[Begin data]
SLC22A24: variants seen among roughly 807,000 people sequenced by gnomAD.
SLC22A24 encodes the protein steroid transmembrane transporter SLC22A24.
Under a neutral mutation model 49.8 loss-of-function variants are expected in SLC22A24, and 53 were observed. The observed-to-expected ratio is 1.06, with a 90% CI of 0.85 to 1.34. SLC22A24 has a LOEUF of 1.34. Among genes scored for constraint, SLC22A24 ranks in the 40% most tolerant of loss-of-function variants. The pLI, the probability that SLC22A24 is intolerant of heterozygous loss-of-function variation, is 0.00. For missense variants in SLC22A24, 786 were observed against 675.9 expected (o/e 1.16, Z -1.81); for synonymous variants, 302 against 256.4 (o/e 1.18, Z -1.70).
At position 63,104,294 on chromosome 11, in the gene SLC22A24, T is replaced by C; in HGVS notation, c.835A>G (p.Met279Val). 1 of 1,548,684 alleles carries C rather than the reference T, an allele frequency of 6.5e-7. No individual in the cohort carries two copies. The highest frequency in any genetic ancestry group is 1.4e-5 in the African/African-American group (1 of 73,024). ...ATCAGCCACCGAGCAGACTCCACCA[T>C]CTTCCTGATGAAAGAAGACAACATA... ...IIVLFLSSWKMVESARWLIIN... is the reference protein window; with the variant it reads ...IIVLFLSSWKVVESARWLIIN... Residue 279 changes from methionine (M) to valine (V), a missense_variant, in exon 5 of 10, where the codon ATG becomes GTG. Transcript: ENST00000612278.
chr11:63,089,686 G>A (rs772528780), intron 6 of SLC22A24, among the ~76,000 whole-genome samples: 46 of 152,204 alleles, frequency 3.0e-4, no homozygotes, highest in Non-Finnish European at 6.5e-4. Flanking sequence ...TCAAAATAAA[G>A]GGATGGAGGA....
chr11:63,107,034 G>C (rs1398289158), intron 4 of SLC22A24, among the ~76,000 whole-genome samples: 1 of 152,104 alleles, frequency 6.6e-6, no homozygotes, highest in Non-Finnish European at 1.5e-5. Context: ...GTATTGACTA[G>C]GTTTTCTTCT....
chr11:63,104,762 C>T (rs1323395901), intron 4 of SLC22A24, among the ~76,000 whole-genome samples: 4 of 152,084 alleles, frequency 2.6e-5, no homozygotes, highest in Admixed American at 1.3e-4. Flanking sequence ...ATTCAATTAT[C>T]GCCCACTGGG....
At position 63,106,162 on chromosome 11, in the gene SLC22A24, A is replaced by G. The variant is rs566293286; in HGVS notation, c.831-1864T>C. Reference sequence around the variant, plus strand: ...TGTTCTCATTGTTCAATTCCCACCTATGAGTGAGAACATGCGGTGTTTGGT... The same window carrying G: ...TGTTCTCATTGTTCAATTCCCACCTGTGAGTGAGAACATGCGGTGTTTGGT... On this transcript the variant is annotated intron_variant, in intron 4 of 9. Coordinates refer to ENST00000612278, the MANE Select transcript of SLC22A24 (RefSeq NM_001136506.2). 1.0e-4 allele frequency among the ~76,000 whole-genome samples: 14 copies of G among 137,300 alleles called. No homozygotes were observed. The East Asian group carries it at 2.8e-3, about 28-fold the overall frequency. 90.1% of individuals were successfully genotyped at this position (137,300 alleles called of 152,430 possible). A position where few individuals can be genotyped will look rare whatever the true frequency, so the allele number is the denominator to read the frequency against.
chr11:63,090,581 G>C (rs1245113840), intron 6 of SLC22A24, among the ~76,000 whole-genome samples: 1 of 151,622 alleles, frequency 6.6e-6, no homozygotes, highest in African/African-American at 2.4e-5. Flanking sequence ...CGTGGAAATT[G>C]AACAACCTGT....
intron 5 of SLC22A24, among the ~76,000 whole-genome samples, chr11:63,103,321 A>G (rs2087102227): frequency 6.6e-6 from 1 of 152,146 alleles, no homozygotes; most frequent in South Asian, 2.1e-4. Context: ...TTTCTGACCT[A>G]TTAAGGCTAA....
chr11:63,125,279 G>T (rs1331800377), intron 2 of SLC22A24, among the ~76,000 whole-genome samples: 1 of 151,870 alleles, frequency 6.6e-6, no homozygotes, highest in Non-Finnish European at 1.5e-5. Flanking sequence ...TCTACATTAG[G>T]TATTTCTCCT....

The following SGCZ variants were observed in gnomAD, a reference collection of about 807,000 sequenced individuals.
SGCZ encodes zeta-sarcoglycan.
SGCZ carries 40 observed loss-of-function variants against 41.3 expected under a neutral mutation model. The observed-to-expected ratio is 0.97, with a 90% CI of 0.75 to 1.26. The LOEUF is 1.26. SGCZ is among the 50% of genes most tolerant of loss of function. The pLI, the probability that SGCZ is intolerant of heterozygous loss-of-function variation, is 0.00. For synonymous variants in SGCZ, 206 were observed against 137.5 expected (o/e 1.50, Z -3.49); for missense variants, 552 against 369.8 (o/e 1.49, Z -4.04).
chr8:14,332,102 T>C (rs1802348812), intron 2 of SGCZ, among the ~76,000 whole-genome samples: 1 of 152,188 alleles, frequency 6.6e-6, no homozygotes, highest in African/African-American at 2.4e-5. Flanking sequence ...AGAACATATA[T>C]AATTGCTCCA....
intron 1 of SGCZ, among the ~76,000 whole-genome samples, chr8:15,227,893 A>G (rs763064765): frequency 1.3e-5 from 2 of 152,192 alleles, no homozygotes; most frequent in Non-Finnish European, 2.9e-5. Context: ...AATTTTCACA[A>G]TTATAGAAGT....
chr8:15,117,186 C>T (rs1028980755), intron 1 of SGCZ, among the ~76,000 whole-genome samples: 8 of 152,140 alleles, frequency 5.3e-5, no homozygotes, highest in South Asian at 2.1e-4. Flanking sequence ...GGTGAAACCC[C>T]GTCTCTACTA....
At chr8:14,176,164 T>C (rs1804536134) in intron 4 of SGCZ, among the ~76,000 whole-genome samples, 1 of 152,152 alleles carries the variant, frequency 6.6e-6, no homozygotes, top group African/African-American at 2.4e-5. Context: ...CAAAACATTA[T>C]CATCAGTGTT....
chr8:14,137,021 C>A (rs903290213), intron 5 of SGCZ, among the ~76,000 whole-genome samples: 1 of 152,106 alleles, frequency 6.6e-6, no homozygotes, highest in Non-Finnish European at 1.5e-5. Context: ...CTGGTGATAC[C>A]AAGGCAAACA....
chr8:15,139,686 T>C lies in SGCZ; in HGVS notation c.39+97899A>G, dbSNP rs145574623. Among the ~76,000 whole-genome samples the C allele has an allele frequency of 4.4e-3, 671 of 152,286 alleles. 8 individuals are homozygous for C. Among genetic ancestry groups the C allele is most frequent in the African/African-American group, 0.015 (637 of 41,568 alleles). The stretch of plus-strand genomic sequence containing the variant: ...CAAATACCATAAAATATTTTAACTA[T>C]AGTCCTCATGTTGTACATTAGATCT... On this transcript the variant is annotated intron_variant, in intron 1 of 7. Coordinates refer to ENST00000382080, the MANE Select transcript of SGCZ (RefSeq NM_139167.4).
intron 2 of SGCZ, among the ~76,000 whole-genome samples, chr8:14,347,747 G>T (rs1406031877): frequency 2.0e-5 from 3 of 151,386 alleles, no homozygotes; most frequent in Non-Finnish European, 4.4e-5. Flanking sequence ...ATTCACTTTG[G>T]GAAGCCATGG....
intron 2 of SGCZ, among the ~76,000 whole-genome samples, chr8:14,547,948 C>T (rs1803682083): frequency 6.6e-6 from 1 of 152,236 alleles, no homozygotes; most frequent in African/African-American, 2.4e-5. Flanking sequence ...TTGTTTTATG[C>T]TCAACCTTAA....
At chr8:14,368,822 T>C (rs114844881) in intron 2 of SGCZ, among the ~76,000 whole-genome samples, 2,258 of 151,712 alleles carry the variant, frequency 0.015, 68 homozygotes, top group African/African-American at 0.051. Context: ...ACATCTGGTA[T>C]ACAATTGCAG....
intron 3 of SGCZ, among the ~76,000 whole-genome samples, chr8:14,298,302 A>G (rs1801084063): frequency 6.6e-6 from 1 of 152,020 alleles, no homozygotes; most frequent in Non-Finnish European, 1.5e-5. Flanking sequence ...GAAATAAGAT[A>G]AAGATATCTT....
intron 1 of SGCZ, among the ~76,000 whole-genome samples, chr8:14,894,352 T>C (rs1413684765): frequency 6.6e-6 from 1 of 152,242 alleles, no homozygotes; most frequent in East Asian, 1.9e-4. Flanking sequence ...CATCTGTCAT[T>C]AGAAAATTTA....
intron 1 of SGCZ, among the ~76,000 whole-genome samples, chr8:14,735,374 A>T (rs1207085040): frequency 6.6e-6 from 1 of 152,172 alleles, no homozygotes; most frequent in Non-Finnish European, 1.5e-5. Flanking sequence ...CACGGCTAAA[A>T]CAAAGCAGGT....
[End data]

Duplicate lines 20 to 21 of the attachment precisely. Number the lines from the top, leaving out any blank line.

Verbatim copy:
chr8:15,139,686 T>C lies in SGCZ; in HGVS notation c.39+97899A>G, dbSNP rs145574623. Among the ~76,000 whole-genome samples the C allele has an allele frequency of 4.4e-3, 671 of 152,286 alleles. 8 individuals are homozygous for C. Among genetic ancestry groups the C allele is most frequent in the African/African-American group, 0.015 (637 of 41,568 alleles). The stretch of plus-strand genomic sequence containing the variant: ...CAAATACCATAAAATATTTTAACTA[T>C]AGTCCTCATGTTGTACATTAGATCT... On this transcript the variant is annotated intron_variant, in intron 1 of 7. Coordinates refer to ENST00000382080, the MANE Select transcript of SGCZ (RefSeq NM_139167.4).
intron 2 of SGCZ, among the ~76,000 whole-genome samples, chr8:14,347,747 G>T (rs1406031877): frequency 2.0e-5 from 3 of 151,386 alleles, no homozygotes; most frequent in Non-Finnish European, 4.4e-5. Flanking sequence ...ATTCACTTTG[G>T]GAAGCCATGG....